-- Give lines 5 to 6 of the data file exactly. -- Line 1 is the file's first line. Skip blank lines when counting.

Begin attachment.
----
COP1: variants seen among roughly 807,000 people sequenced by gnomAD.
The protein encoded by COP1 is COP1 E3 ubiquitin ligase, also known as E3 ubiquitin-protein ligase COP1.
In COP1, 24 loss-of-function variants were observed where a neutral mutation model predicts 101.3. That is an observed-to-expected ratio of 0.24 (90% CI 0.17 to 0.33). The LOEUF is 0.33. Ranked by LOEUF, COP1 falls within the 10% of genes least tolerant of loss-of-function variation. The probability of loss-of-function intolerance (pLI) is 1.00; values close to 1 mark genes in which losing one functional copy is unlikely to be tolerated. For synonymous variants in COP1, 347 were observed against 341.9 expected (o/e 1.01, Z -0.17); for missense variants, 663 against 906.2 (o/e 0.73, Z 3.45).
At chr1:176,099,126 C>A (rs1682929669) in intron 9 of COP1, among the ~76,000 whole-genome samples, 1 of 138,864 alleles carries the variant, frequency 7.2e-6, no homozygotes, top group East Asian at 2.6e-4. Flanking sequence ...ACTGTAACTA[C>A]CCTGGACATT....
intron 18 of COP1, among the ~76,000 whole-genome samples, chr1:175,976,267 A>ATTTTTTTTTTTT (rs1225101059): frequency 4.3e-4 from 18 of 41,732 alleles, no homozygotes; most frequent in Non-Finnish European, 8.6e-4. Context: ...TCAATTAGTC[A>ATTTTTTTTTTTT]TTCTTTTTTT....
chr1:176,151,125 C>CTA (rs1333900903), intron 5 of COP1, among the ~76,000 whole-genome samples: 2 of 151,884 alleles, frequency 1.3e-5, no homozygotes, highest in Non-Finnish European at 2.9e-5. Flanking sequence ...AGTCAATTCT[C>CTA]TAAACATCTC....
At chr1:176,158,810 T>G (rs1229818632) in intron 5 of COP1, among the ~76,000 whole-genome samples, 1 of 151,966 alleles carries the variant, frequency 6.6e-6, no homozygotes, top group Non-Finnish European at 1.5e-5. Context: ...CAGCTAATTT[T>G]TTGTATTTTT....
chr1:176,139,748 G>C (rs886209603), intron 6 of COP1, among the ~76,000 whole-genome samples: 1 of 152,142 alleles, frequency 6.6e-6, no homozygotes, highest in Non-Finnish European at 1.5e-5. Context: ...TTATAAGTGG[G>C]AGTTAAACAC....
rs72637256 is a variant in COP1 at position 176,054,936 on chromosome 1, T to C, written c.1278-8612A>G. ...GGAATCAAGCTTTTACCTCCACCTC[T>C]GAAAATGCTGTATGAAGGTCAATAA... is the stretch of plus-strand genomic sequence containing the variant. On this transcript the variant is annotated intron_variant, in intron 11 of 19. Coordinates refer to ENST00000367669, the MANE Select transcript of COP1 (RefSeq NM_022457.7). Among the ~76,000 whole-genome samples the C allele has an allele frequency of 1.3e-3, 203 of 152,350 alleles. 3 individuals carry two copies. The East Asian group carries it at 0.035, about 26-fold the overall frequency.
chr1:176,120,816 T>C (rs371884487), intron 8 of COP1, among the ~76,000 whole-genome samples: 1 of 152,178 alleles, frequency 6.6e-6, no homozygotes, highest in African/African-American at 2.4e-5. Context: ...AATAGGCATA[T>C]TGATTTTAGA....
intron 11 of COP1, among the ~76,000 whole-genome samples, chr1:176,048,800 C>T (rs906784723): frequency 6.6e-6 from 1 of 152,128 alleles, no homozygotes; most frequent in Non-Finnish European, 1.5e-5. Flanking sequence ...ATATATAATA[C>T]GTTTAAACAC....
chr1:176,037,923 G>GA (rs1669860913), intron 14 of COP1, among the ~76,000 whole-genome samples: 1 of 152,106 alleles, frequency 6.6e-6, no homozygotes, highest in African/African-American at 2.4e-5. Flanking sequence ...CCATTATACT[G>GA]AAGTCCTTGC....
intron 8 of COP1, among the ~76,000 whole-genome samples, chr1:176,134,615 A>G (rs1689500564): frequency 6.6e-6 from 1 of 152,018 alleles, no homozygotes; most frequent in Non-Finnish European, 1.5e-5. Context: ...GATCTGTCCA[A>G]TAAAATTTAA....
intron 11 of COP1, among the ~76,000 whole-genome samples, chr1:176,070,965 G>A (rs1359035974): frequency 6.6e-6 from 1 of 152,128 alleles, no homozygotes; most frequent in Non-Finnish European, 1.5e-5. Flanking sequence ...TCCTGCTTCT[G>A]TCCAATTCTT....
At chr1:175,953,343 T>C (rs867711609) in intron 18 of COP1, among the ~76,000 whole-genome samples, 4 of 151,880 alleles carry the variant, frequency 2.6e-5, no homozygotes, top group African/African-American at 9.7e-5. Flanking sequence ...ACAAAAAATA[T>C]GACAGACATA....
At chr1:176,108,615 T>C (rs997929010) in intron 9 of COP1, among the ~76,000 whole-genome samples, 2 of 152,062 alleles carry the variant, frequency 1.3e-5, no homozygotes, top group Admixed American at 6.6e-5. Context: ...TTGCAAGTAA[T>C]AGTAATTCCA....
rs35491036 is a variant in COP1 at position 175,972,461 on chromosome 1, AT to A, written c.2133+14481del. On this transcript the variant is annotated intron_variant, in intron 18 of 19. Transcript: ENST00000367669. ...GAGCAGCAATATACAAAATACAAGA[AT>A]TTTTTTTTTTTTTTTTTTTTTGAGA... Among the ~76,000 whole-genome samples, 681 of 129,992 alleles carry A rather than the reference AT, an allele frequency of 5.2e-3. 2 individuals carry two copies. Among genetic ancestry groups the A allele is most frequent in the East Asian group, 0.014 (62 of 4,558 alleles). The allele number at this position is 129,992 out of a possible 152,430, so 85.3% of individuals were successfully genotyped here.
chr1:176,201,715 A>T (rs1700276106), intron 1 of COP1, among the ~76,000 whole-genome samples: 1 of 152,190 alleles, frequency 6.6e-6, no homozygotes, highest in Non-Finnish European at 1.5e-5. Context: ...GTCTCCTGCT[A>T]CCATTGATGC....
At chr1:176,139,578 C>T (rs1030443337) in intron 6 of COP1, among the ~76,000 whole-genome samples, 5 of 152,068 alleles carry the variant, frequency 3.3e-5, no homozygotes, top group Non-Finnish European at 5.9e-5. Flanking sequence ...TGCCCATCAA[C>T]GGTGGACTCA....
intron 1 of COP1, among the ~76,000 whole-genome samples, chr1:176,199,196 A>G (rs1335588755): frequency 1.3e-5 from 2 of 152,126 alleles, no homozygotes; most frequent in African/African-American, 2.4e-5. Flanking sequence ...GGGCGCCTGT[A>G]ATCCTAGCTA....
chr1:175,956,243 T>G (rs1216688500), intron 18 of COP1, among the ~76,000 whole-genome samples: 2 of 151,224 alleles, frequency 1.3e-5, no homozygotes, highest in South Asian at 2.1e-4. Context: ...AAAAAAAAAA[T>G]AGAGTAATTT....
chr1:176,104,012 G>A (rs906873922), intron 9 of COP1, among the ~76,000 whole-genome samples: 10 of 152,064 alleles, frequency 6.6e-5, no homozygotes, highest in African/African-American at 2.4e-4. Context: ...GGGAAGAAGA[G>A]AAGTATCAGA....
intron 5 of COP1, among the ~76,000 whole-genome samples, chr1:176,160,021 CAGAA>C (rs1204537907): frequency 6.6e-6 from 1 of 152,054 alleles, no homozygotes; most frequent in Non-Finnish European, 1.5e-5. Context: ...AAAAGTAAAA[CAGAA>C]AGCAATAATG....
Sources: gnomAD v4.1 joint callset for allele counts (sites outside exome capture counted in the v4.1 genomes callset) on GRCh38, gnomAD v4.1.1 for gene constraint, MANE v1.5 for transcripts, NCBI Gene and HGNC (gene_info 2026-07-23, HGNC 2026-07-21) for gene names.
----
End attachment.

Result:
intron 18 of COP1, among the ~76,000 whole-genome samples, chr1:175,976,267 A>ATTTTTTTTTTTT (rs1225101059): frequency 4.3e-4 from 18 of 41,732 alleles, no homozygotes; most frequent in Non-Finnish European, 8.6e-4. Context: ...TCAATTAGTC[A>ATTTTTTTTTTTT]TTCTTTTTTT....
chr1:176,151,125 C>CTA (rs1333900903), intron 5 of COP1, among the ~76,000 whole-genome samples: 2 of 151,884 alleles, frequency 1.3e-5, no homozygotes, highest in Non-Finnish European at 2.9e-5. Flanking sequence ...AGTCAATTCT[C>CTA]TAAACATCTC....